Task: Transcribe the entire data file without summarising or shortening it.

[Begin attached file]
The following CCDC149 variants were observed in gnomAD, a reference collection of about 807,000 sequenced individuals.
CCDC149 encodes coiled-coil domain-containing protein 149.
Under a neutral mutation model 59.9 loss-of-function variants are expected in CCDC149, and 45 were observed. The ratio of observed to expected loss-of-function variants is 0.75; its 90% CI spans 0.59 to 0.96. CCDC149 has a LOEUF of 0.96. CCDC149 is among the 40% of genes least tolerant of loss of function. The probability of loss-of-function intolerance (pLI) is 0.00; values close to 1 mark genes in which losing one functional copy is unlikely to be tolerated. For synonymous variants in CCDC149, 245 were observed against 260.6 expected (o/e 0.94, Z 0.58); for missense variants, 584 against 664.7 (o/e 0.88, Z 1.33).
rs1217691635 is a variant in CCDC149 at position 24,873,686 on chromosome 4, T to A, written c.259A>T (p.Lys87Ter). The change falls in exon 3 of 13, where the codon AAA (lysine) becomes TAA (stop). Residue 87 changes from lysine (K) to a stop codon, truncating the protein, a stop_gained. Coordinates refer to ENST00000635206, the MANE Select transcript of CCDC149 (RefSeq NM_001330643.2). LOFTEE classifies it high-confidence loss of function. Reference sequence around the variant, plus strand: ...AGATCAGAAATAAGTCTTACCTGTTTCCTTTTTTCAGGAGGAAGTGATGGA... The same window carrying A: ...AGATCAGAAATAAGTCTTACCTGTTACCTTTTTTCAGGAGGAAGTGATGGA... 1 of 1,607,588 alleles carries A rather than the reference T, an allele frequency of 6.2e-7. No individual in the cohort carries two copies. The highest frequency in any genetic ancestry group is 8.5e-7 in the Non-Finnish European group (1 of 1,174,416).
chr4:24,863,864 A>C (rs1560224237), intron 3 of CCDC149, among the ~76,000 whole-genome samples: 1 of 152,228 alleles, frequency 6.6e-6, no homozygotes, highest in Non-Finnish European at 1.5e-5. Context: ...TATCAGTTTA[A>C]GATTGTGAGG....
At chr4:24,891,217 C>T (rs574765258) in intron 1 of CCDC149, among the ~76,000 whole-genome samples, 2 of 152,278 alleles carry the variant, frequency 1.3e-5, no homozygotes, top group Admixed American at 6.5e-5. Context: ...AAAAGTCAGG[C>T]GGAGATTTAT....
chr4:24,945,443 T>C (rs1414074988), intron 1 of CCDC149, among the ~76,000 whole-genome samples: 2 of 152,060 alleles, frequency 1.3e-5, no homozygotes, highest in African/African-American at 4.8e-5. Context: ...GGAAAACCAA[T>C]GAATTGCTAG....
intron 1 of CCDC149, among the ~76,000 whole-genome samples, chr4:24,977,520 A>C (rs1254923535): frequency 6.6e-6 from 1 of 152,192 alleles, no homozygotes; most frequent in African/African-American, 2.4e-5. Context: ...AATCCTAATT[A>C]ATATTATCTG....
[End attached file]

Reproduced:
The following CCDC149 variants were observed in gnomAD, a reference collection of about 807,000 sequenced individuals.
CCDC149 encodes coiled-coil domain-containing protein 149.
Under a neutral mutation model 59.9 loss-of-function variants are expected in CCDC149, and 45 were observed. The ratio of observed to expected loss-of-function variants is 0.75; its 90% CI spans 0.59 to 0.96. CCDC149 has a LOEUF of 0.96. CCDC149 is among the 40% of genes least tolerant of loss of function. The probability of loss-of-function intolerance (pLI) is 0.00; values close to 1 mark genes in which losing one functional copy is unlikely to be tolerated. For synonymous variants in CCDC149, 245 were observed against 260.6 expected (o/e 0.94, Z 0.58); for missense variants, 584 against 664.7 (o/e 0.88, Z 1.33).
rs1217691635 is a variant in CCDC149 at position 24,873,686 on chromosome 4, T to A, written c.259A>T (p.Lys87Ter). The change falls in exon 3 of 13, where the codon AAA (lysine) becomes TAA (stop). Residue 87 changes from lysine (K) to a stop codon, truncating the protein, a stop_gained. Coordinates refer to ENST00000635206, the MANE Select transcript of CCDC149 (RefSeq NM_001330643.2). LOFTEE classifies it high-confidence loss of function. Reference sequence around the variant, plus strand: ...AGATCAGAAATAAGTCTTACCTGTTTCCTTTTTTCAGGAGGAAGTGATGGA... The same window carrying A: ...AGATCAGAAATAAGTCTTACCTGTTACCTTTTTTCAGGAGGAAGTGATGGA... 1 of 1,607,588 alleles carries A rather than the reference T, an allele frequency of 6.2e-7. No individual in the cohort carries two copies. The highest frequency in any genetic ancestry group is 8.5e-7 in the Non-Finnish European group (1 of 1,174,416).
chr4:24,863,864 A>C (rs1560224237), intron 3 of CCDC149, among the ~76,000 whole-genome samples: 1 of 152,228 alleles, frequency 6.6e-6, no homozygotes, highest in Non-Finnish European at 1.5e-5. Context: ...TATCAGTTTA[A>C]GATTGTGAGG....
At chr4:24,891,217 C>T (rs574765258) in intron 1 of CCDC149, among the ~76,000 whole-genome samples, 2 of 152,278 alleles carry the variant, frequency 1.3e-5, no homozygotes, top group Admixed American at 6.5e-5. Context: ...AAAAGTCAGG[C>T]GGAGATTTAT....
chr4:24,945,443 T>C (rs1414074988), intron 1 of CCDC149, among the ~76,000 whole-genome samples: 2 of 152,060 alleles, frequency 1.3e-5, no homozygotes, highest in African/African-American at 4.8e-5. Context: ...GGAAAACCAA[T>C]GAATTGCTAG....
intron 1 of CCDC149, among the ~76,000 whole-genome samples, chr4:24,977,520 A>C (rs1254923535): frequency 6.6e-6 from 1 of 152,192 alleles, no homozygotes; most frequent in African/African-American, 2.4e-5. Context: ...AATCCTAATT[A>C]ATATTATCTG....